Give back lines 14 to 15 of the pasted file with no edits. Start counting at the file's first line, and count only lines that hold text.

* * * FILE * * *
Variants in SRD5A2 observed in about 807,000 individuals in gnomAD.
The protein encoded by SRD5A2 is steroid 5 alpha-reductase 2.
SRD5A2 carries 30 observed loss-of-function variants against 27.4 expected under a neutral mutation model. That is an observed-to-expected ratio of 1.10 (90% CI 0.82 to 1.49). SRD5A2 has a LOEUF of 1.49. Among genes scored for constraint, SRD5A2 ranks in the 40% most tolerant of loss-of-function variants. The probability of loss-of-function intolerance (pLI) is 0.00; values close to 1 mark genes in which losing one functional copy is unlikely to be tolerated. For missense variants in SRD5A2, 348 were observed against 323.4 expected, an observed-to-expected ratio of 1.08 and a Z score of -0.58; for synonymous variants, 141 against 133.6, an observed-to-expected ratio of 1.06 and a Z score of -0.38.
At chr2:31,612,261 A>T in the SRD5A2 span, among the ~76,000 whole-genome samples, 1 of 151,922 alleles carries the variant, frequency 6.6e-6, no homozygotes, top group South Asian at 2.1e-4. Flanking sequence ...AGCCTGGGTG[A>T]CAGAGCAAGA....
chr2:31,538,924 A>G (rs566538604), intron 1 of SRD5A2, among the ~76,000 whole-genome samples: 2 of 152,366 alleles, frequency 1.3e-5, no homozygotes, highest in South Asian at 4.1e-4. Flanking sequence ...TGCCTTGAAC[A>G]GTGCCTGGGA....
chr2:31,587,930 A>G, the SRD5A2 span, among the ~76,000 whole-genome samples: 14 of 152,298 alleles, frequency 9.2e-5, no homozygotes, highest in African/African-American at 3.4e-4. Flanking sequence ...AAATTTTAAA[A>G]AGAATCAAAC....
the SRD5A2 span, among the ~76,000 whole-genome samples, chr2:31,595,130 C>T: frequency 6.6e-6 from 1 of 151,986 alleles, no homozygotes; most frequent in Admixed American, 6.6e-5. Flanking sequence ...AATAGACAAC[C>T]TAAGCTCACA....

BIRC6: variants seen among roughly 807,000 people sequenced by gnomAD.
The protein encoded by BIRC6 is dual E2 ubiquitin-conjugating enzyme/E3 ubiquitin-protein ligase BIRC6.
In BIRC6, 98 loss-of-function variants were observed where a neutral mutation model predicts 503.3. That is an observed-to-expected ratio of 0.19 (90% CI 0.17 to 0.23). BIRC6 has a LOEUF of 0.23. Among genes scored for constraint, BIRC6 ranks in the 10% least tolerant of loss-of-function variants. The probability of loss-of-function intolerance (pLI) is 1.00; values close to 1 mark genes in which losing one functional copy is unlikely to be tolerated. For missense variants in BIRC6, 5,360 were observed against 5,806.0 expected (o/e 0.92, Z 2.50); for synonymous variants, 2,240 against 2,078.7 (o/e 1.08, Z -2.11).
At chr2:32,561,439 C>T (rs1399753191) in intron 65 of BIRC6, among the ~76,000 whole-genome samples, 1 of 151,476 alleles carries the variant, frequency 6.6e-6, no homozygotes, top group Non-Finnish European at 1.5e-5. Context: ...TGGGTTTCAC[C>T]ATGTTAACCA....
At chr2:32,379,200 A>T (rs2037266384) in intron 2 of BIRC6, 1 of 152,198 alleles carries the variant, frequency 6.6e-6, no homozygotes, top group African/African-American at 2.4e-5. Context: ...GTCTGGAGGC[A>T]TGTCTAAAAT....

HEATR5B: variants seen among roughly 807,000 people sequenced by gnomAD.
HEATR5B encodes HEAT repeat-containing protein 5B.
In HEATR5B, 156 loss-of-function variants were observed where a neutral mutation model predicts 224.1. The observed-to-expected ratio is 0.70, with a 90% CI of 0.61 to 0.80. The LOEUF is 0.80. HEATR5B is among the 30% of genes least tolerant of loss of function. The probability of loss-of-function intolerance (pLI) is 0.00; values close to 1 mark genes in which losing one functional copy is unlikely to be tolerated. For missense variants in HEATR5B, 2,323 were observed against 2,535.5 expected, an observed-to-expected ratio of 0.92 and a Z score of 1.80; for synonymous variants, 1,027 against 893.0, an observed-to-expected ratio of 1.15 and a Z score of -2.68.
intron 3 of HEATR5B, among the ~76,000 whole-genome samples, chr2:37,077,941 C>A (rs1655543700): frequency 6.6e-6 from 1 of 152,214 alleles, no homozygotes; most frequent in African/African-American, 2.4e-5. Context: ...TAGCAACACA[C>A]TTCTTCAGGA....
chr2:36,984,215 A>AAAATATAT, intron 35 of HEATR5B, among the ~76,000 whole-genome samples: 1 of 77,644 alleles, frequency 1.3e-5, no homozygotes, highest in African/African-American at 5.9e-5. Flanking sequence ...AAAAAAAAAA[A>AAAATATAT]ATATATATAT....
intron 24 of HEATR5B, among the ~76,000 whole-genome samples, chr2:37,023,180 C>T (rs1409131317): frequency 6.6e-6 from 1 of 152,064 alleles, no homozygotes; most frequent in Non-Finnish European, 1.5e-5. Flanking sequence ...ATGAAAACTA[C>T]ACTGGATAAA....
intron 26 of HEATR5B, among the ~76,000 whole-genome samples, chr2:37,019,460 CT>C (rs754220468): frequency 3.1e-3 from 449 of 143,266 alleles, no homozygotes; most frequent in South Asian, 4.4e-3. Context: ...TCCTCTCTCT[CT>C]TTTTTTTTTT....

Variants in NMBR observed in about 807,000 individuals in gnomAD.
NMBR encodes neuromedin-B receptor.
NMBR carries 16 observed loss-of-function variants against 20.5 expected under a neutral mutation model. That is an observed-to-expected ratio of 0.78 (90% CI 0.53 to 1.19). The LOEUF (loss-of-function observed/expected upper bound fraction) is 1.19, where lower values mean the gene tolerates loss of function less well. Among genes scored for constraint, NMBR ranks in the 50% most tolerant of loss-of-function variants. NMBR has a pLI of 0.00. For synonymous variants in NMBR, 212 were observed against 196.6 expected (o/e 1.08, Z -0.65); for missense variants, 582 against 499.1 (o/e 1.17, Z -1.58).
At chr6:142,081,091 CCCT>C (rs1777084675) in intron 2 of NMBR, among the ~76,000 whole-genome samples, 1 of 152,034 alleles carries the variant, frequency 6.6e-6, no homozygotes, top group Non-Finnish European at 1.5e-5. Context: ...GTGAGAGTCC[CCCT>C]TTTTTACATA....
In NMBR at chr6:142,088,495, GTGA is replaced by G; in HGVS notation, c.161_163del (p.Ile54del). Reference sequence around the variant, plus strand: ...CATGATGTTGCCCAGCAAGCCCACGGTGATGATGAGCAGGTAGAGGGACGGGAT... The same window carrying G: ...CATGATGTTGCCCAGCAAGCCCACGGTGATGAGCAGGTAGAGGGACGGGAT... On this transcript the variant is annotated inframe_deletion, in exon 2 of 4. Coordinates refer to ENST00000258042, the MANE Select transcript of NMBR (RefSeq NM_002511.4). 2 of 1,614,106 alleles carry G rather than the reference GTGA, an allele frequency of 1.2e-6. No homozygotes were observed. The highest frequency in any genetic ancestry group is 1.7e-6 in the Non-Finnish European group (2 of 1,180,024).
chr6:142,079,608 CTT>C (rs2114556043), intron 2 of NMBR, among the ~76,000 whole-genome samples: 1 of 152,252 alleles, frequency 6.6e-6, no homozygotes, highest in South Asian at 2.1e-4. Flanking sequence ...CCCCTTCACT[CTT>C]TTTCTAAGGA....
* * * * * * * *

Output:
HEATR5B encodes HEAT repeat-containing protein 5B.
In HEATR5B, 156 loss-of-function variants were observed where a neutral mutation model predicts 224.1. The observed-to-expected ratio is 0.70, with a 90% CI of 0.61 to 0.80. The LOEUF is 0.80. HEATR5B is among the 30% of genes least tolerant of loss of function. The probability of loss-of-function intolerance (pLI) is 0.00; values close to 1 mark genes in which losing one functional copy is unlikely to be tolerated. For missense variants in HEATR5B, 2,323 were observed against 2,535.5 expected, an observed-to-expected ratio of 0.92 and a Z score of 1.80; for synonymous variants, 1,027 against 893.0, an observed-to-expected ratio of 1.15 and a Z score of -2.68.